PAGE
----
Flexible decision support for sustainable development: the SUSTAIN framework model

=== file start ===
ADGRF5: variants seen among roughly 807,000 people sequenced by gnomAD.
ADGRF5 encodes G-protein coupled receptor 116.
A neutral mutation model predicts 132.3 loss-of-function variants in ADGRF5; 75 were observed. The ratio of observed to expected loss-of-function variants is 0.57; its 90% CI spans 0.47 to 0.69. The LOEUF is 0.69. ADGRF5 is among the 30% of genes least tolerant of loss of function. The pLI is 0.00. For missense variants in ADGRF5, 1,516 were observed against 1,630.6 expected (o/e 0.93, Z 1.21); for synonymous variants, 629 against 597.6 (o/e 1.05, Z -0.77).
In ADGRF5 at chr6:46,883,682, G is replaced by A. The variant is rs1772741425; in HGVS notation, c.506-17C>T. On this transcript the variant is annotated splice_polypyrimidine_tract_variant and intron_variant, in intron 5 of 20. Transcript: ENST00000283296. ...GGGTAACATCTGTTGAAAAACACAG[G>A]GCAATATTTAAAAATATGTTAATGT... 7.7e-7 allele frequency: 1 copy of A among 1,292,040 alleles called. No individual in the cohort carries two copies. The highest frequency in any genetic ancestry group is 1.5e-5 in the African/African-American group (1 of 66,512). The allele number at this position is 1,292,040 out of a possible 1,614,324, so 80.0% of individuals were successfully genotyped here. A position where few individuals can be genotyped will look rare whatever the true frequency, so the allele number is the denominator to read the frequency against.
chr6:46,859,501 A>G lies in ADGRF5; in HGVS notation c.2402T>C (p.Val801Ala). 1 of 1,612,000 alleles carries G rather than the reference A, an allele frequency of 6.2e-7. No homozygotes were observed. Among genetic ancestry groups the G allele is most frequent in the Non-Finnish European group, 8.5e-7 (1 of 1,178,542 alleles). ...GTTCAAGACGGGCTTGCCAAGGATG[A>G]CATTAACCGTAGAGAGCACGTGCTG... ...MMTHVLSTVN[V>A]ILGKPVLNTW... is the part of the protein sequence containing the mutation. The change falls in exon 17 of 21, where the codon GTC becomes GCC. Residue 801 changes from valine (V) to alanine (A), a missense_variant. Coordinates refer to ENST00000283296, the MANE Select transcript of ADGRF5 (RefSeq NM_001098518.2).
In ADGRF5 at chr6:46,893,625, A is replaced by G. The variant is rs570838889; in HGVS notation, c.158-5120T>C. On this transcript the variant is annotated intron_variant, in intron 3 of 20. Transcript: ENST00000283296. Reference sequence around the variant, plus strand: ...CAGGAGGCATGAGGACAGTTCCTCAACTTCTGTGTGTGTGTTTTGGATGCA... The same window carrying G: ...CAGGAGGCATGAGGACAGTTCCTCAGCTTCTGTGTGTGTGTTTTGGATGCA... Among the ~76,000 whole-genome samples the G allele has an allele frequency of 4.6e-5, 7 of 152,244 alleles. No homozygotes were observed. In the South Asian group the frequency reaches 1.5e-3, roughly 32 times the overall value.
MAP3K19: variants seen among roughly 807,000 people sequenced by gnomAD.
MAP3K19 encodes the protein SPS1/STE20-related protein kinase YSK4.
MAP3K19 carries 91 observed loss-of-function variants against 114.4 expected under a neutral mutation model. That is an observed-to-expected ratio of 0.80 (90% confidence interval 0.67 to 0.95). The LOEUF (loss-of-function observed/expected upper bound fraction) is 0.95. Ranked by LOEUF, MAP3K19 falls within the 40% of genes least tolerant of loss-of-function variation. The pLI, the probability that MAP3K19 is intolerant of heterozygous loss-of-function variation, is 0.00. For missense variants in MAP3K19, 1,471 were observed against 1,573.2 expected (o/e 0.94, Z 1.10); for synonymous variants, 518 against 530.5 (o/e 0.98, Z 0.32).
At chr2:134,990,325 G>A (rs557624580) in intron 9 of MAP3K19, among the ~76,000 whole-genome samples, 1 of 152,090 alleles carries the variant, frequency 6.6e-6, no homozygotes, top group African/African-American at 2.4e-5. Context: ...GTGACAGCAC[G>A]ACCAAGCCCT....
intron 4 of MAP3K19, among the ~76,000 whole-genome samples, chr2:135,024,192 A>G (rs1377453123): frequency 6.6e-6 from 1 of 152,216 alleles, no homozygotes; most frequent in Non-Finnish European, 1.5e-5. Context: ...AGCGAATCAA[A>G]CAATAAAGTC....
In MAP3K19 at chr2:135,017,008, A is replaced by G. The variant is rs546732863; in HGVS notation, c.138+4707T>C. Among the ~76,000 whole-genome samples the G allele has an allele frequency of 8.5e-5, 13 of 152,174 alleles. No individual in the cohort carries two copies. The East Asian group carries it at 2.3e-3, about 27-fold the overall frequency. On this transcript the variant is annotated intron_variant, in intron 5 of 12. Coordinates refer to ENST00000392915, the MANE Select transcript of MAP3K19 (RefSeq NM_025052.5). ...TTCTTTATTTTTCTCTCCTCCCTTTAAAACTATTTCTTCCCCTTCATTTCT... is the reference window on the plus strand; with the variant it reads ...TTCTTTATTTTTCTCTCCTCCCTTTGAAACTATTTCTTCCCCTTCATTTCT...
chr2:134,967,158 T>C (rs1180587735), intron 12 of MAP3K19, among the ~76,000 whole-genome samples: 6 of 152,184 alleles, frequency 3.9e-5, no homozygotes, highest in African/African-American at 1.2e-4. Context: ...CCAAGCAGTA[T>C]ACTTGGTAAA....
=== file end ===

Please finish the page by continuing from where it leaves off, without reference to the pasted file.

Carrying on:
Sustainable transport planning necessitates a rethinking of traditional decision making. This is conventionally supported by cost-benefit analysis (CBA) that systematically quantifies and compares the various benefits and costs generated by a transportation project or policy. Generally, CBA has been found less useful for the handling and assessment of multiple, often conflicting objectives or criteria like environmental or social issues intrinsically difficult to quantify. Therefore, it is necessary to broaden the decision making process beyond merely economic factors. The Danish research project on Sustainable National Transport Planning (SUSTAIN 2012-2016) seeks, among other things, to develop a flexible decision support model (tool) to include and assess sustainability planning criteria in a socio-economic framework, which makes up the SUSTAIN Framework Model (SFM). The SFM comprises two parts, namely a process part consisting of stakeholder involvement and an analytical tools part consisting of an Excel-based software model. The latter employs the use of CBA, multi-criteria decision analysis and risk analysis techniques enabling the assessment of non-quantifiable impacts within a decision support context. The concept of a planning workshop is introduced as relevant for dealing with the various strategic elements not included in the CBA. Moreover, SUSTAIN is rooted in cross-disciplinary sustainability research that recognises that a transition towards sustainability must involve normative, analytical and strategic considerations to be successful. The paper concludes that the SFM can contribute to the analytical dimension. Thus, the framework model allows for the appraisal of planning criteria (indicator sets) in a socio-economic appraisal setting for national sustainable transport planning which enhances both the concept and principles of sustainable development while at the same time it provides a flexible decisionsupport tool for policy-makers.